Sewer Rate Study - Capacity Fees
At their June 15th 2017 Meeting, the Board of Directors of the East Orange County Water District (EOCWD) will consider adopting the recommendations contained in the Sewer Capacity Fee study performed by Raftelis Financial Consultants.
Sewer Service Charges
Customers pay their sewer service charges annually through their property tax bill. The rate sheet linked below shows the cost for single family residences, multi-family residences and for industrial and commercial businesses. You do not need to call us to set up sewer service, it will be done automatically through the purchase of your property via the County Tax Assessor’s office.
Sewer Rate Study - fats, oils & grease (fog) fees
At the July 17, 2016 Meeting, the Board adopted a Fats, Oils and Grease (FOG) Control Ordinance that is applicable to Food Service Establishments (FSEs). The Ordinance established extensive quantity and quality standards for the regulation of FOG discharges to the sewer system.
View ordinance 2016-2 Amended June 20, 2019
As established under the Orange County Sanitation District, the cost of monitoring FOG generators is recovered from the FSEs and is currently $200 for a two-year permit. EOCWD is proposing to increase this fee to $212 for a two-year permit.
New Sewer Connections
Persons interested in connecting to the sewer system for new property development must fill out the application for sewer service.
Submit the completed form to firstname.lastname@example.org along with a copy of any development permits and drawings you have for the property. You will be contacted within 24 hours of receipt of your submittal. Capacity Charge schedules are shown below.
Please note that EOCWD collects two capacity charges:
1) a charge for the "buy-in" of capacity in the local sewer system (the pipelines that carry wastewater to the regional sewer system) and,
2) a charge for the "buy-in" of capacity in the regional sewer system, which EOCWD collects on behalf of the Orange County Sanitation District (OCSD) and then remits it to them.
Remodel or Business Change Capacity Charges
EOCWD collects a capacity charge on behalf of the Orange County Sanitation District (OCSD) when remodeling and/or business changes occur to an existing structure. Depending upon the fees paid at the time of initial development, additional charges may be due. EOCWD does not set these fees or make the final determination how or when they are applicable. Questions regarding the applicability of these fees can be directed to Rudy Davila (OCSD) at (714) 593-7348.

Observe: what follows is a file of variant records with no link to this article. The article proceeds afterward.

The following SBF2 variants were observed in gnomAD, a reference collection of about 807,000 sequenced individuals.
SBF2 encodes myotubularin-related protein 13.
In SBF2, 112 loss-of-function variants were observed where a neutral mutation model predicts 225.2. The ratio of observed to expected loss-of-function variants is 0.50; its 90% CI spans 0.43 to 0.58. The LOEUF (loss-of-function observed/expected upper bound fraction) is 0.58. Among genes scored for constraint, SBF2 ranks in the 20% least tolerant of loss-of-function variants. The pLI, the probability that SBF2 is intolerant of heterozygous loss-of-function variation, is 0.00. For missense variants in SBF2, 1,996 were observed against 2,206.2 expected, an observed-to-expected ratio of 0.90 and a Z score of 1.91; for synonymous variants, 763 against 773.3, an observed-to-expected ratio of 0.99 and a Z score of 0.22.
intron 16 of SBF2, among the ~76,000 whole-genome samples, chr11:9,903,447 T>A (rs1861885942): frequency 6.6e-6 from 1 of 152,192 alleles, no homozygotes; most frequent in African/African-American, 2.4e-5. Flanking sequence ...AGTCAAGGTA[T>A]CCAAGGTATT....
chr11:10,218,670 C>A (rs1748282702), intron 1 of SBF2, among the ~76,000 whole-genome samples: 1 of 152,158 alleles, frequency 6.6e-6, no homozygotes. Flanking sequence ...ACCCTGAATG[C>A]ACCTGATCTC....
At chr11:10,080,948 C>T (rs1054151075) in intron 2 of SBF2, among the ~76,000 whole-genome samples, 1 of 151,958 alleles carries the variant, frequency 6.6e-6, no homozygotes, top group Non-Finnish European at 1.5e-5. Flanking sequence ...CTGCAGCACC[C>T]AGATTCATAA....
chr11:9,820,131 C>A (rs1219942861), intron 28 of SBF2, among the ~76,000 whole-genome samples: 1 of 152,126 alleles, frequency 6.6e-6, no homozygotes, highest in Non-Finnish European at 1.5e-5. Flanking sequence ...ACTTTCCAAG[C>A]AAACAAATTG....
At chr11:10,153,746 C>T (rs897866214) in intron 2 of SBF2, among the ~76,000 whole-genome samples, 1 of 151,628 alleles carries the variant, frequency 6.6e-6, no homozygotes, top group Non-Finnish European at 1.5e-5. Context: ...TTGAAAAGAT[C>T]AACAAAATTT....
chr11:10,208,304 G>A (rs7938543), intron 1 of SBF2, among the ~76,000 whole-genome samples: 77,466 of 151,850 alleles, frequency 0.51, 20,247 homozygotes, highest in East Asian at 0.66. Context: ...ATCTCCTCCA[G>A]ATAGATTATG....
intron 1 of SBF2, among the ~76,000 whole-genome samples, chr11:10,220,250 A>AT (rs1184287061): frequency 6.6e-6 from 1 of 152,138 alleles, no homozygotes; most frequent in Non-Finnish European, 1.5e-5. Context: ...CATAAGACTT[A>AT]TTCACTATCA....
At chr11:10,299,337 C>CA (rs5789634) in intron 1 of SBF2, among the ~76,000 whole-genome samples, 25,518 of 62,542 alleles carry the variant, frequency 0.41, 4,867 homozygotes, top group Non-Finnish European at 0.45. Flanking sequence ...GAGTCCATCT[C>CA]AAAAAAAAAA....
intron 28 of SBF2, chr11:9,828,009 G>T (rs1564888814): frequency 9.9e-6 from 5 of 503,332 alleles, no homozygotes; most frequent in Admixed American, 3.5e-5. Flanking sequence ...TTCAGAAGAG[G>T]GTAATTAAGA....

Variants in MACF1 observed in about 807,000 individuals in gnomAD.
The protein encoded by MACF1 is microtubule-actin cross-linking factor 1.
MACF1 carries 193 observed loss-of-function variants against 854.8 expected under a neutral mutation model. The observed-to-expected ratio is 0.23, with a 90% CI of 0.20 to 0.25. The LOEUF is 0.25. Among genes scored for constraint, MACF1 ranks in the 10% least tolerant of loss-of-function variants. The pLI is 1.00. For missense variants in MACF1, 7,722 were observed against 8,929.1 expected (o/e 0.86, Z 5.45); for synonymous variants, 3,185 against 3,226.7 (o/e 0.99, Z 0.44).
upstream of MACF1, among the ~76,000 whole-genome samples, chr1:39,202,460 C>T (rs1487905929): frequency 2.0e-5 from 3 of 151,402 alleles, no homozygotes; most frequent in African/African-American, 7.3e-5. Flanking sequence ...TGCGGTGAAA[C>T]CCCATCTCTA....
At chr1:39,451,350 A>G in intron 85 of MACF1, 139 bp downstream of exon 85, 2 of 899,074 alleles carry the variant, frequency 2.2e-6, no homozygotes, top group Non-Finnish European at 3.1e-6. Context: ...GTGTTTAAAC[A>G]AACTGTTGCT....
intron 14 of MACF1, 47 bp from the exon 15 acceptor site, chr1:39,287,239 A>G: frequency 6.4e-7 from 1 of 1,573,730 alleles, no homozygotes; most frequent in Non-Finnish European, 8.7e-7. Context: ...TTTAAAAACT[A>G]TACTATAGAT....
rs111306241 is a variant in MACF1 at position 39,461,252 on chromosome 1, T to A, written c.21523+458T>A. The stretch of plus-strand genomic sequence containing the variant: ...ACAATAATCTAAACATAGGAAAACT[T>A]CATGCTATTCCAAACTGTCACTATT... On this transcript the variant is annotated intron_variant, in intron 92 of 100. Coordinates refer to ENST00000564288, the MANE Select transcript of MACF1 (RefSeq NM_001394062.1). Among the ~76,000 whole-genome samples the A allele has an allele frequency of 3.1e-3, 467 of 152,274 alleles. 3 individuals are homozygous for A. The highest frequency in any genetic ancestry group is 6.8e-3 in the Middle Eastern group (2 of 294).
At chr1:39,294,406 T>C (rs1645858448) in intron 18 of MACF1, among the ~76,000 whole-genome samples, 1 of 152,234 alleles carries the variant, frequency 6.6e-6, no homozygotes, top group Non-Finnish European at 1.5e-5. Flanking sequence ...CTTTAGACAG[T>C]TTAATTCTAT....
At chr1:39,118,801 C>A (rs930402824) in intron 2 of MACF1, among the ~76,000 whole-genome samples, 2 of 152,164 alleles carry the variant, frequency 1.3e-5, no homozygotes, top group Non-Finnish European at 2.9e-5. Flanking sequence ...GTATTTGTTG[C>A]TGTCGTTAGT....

Plans and Audits
Sewer System Management Plan
The Sewer System Management Plan (SSMP) was adopted by the Board of Directors on January 19, 2017, and identifies goals the District has set for the management, operation, and maintenance of the sewer system. These goals provide focus for District staff to continue high-quality work and to implement improvements in the management of the District’s wastewater collection system. This plan addresses the requirements for the following elements:
Operation and Maintenance Program
Design and Performance Provisions
Overflow Emergency Response Plan
Fats,Oils and Grease (FOG) Control Program
System Evaluation and Capacity Management
Monitoring, Measurement, and Program Modifications
SSMP Program Audits
Sewer System Management Plan (SSMP) Audit
At the January 17, 2019 Meeting, the Board of Directors approved revisions to the SSMP and Appendices. The revised Plan is contained in two volumes (click to open in pdf):
Septic 2 Sewer
“Septic2Sewer” is an initiative by EOCWD to ultimately bring sewer service to about 400 homes.
A district strategic goal is to reduce homeowner septic tank use, in favor of connections to the sanitary sewer system. Many homes in the district’s service area were built prior to the 1960s and have aging septic tanks that could pollute our portion of Orange County’s invaluable groundwater basin. The district worked with many stakeholders to develop a voluntary program to allow homeowners to abandon their septic tanks.
Both the cost to convert and the complexity of conversion (additional sewer infrastructure is often required to be constructed) are barriers to conversion. The program helps homeowners make the switch in two ways that can help reduce costs: by arranging for 30-year tax-exempt financing for most of the project and by sharing planning, engineering and construction expertise. This program underscores the value of having a local service provider being in the position to work closely with its customers, to meet specific neighborhood needs but also to benefit the entire service area with infrastructure system improvements that protect water quality and the environment.
Design, environmental review and permitting were completed by February, 2019, and a groundbreaking ceremony was held on February 9, 2019. The first Septic2Sewer program was completed in September, 2019. Below are a series of photos taken at this groundbreaking event.